ragweed pollen causes sneezing

Seven Steps to Stop the Sneezing!

I have noticed it’s that time of year again–lots of searches leading to this one again.

Enjoy.

 

With Fall comes Fall Fever. This is a malady I’ve made up, that corresponds to Spring Fever which happens in Spring.

And it makes us feel like ick.

Itchy eyes, ears, nose, throat; runny eyes, nose; stuffy nose; and cough are just a few of the delights that visit us each year, if we are among the pollen afflicted.

Outside of chemicalizing oneself half to death, what can a person do?

I have found several ways to beat autumn’s ragweed, and I’d love to share them with you.

  1. The first thing I do is eat honey all year long.
    Not just any honey will do. It must be raw, as in uncooked. If the label isn’t boasting, the honey probably isn’t raw.
    It also must be native, as in: from where you live.
    Honey contains minuscule flower parts in various forms, and eating it daily helps me beat my pollen allergies, like an immunization.
  2. Outside of honey, I avoid all sugars.
    Sugar kills immunities, especially the super-processed sugars.
  3. I take vitamin C. A lot.
    Vitamin C is supposed to help with the body’s immunities, so is what I need. Also, for me, the things I’ve read about Vitamin C acting as a mild antihistamine are true.
    They say you can tell how much you need when you develop loose stools. They say to cut back a bit if that happens. I usually take 1000-2000 milligrams per day, in divided doses.
    (Addendum to the 9/13 posting: One teenager I’ve recently met had sneezing so bad that his nose would bleed regularly. After only two 500 mg doses of Vitamin C, he stopped with both symptoms. Now he uses only one dose per day for upkeep.)
  4. I wash my face a lot, and even rinse my eyes with artificial tears.
    Every time I feel the pollen effect, I wash it off. Notice the above magnified photo of pollen: It looks prickly like cactus. No wonder it bothers sensitive tissues!
    After washing, I apply a coating of lotion, or even make-up, to my face to make a barrier between my skin and pollen.
  5. I stay indoors and keep windows shut.
    I know, some cannot do this, but remember, the pollen is out there, not in here.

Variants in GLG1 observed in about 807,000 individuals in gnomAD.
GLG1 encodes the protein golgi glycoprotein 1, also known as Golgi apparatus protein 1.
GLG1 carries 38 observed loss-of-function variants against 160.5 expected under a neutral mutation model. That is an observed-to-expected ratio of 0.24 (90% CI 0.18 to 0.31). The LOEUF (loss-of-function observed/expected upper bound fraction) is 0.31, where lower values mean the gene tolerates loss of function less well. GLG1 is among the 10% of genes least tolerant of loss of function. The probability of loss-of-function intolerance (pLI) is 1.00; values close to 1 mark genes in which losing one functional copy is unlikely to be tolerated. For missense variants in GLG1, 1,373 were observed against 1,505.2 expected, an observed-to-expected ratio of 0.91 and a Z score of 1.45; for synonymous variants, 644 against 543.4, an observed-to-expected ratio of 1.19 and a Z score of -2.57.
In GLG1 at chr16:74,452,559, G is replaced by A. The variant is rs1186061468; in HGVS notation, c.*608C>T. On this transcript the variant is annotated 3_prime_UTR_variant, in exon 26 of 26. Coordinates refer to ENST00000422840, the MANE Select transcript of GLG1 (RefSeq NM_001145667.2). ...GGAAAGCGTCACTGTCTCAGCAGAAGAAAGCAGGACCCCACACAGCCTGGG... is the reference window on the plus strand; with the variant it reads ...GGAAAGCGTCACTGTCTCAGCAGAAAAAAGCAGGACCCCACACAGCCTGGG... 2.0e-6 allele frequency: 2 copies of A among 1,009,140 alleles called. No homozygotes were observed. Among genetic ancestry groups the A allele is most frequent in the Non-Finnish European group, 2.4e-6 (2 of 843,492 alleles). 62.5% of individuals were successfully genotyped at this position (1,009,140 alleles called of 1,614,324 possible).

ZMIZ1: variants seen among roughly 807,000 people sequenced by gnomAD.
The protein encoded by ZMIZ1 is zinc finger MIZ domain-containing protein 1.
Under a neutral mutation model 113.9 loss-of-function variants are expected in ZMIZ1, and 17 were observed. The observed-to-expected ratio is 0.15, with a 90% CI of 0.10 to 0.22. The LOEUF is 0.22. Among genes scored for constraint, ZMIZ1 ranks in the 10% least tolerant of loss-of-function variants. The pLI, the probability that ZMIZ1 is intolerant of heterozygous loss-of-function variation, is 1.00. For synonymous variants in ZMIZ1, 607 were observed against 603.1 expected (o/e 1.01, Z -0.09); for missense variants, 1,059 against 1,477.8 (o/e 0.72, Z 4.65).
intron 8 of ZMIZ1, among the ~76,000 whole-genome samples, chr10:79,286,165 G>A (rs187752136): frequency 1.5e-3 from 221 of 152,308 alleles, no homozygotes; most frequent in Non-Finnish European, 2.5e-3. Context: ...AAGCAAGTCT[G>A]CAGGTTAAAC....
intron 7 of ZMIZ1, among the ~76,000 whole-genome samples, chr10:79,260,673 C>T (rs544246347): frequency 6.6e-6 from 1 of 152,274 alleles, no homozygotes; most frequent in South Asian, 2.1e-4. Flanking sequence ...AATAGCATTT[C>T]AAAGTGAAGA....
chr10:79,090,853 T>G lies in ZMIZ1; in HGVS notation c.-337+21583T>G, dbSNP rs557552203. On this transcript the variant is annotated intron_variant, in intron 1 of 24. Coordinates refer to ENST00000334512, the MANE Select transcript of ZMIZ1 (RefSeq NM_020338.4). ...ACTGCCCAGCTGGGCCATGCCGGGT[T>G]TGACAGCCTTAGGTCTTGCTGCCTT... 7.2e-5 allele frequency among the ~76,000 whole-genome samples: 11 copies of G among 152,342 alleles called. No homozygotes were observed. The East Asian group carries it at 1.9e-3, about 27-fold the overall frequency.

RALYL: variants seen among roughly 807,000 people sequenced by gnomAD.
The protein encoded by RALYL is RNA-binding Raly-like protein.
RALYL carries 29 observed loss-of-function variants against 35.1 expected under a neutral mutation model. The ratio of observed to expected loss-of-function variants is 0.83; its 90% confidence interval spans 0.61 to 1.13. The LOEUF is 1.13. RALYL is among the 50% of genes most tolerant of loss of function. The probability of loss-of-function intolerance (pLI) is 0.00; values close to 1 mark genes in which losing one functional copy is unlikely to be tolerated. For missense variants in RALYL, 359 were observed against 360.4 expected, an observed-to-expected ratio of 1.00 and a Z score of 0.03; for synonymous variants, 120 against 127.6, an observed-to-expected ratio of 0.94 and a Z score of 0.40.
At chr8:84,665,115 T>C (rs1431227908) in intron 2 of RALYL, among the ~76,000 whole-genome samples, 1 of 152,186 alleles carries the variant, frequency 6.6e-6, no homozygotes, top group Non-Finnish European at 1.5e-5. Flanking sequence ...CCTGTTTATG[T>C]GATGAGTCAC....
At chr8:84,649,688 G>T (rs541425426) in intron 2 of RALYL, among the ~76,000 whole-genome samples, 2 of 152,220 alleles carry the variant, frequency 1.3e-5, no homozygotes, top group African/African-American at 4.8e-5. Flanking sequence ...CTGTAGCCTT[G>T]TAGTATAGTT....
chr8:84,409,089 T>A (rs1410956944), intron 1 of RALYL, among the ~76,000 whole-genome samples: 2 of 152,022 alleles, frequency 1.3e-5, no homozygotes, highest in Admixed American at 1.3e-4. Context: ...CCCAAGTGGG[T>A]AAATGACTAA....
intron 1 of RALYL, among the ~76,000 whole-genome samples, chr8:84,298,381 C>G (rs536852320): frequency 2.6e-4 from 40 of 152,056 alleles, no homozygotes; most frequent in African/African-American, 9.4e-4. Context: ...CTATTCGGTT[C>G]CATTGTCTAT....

(Addendum for 9/13: This is especially true during the hours from mid-morning to mid-afternoon.)
  6. If I find myself still miserable, I use heat on my face.
    I run a basin of hot water and dip water from it with a washcloth to hold on my face, renewing as it cools. Or I stand in the shower with hot water spraying on my face.
    Do NOT scald yourself!
    It takes 10 or 15 minutes, but this wet heat draws out the histamines in my body. Histamines are what cause allergic reactions, what anti-histamines circumvent. As the heat applied to my face draws out the histamines, my face is itchy and my nose grows stuffy. When that itching stops, all the histamines my body could produce are out. Most bodies cannot produce any more for 4 to 8 hours.
    That’s hours.
    Of no itching, sneezing, stuffy nose, runny eyes, etc. It’s plenty of time to take a nap, go to a restaurant, or visit a friend like a normal person.
  7. If I happen to become wheezy, I drink hot coffee.
    Coffee is supposed to be a good emergency substitute for asthma drugs. I don’t have asthma, but hot coffee helps me breathe when the pollen count is high.

There you have it: what I do instead of taking pills. Sometimes, when it really is tough outside, I have to add pills to my regime, but not often.

I love not being tied to chemicals, all drowsy or else wired to the sky.

Note for 8/10/13: So many folks have searched and found this page using the terms “sneezing first thing in the morning” I’ve decided to add my opinion, for what it’s worth.
I have noticed that the body shuts down some responses and reactions during sleep. Perhaps you have had the experience of sleeping through a loud storm or sleeping in spite of a headache. It probably is a merciful mechanism that allows us sleep in spite of life’s difficulties.
I have noticed that when I am really sick with a cold, I might cough all night, and that might be good, but once I begin to recover, I also begin sleeping more peacefully, which I am sure also is good. However, on those mornings, I must cough lots to make up for lost time.
Could it be that sneezing is the same? We don’t sneeze at night so we can sleep, but then comes the morning? Just thinking out loud, here.

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32 thoughts on “Seven Steps to Stop the Sneezing!

  1. daffobelle says:

    I’m glad I come across your blog. This is very helpful and I will try a few of your tips. I always sneeze early in the morning and I hate it. Thanks for sharing your tips!

    • katharinetrauger says: